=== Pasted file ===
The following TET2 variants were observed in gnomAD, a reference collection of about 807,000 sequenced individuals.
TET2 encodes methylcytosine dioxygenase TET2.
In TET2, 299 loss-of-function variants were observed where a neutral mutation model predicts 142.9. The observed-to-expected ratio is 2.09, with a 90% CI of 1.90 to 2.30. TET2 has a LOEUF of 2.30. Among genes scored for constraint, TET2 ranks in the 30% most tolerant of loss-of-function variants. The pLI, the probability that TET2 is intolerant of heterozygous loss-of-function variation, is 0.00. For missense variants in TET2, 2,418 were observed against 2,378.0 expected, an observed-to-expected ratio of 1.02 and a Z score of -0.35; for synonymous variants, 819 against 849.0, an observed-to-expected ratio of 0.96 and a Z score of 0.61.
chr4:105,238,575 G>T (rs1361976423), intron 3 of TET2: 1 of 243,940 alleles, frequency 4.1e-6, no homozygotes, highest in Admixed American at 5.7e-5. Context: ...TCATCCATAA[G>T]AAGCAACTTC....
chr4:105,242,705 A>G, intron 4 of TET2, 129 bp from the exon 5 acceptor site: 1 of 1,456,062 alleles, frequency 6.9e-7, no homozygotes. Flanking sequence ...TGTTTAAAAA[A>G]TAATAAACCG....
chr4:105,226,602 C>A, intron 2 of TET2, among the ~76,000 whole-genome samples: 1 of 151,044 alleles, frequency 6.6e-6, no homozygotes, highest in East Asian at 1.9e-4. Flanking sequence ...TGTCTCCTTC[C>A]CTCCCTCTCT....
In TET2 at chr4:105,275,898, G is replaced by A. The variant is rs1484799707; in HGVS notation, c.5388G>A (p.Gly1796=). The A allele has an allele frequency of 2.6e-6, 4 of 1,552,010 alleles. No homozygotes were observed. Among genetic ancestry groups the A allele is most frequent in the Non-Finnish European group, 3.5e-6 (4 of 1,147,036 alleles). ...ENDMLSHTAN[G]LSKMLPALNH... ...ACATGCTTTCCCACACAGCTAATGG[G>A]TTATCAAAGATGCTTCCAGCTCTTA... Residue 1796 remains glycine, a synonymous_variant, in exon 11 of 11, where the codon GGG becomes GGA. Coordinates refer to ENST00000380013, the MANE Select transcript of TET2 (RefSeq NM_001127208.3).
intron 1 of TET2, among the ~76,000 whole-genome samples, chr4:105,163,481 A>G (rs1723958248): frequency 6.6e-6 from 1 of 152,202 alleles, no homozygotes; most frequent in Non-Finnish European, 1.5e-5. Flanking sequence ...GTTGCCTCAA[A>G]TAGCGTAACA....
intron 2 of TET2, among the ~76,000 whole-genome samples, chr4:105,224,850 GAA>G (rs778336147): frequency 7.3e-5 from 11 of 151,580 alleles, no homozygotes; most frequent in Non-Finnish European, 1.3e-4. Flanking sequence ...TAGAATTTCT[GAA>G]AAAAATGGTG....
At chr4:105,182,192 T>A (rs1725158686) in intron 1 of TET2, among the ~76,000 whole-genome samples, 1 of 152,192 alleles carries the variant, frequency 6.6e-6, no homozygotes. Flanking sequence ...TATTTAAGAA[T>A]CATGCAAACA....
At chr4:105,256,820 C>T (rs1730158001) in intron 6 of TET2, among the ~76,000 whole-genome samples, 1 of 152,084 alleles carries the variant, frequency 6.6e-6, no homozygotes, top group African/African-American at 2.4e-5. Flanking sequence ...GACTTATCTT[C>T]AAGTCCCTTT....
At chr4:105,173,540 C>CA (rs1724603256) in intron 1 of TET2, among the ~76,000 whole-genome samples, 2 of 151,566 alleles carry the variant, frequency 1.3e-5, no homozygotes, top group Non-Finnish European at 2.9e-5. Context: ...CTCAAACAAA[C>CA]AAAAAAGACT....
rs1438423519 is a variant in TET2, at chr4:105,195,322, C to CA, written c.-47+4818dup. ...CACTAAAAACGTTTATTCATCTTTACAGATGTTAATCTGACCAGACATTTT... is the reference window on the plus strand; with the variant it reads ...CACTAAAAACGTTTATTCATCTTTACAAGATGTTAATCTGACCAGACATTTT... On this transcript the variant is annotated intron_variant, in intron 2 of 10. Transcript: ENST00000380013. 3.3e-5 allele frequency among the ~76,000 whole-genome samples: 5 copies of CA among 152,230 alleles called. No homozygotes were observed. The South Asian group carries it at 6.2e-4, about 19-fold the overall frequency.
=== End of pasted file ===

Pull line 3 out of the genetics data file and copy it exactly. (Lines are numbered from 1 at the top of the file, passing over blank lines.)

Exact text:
In TET2, 299 loss-of-function variants were observed where a neutral mutation model predicts 142.9. The observed-to-expected ratio is 2.09, with a 90% CI of 1.90 to 2.30. TET2 has a LOEUF of 2.30. Among genes scored for constraint, TET2 ranks in the 30% most tolerant of loss-of-function variants. The pLI, the probability that TET2 is intolerant of heterozygous loss-of-function variation, is 0.00. For missense variants in TET2, 2,418 were observed against 2,378.0 expected, an observed-to-expected ratio of 1.02 and a Z score of -0.35; for synonymous variants, 819 against 849.0, an observed-to-expected ratio of 0.96 and a Z score of 0.61.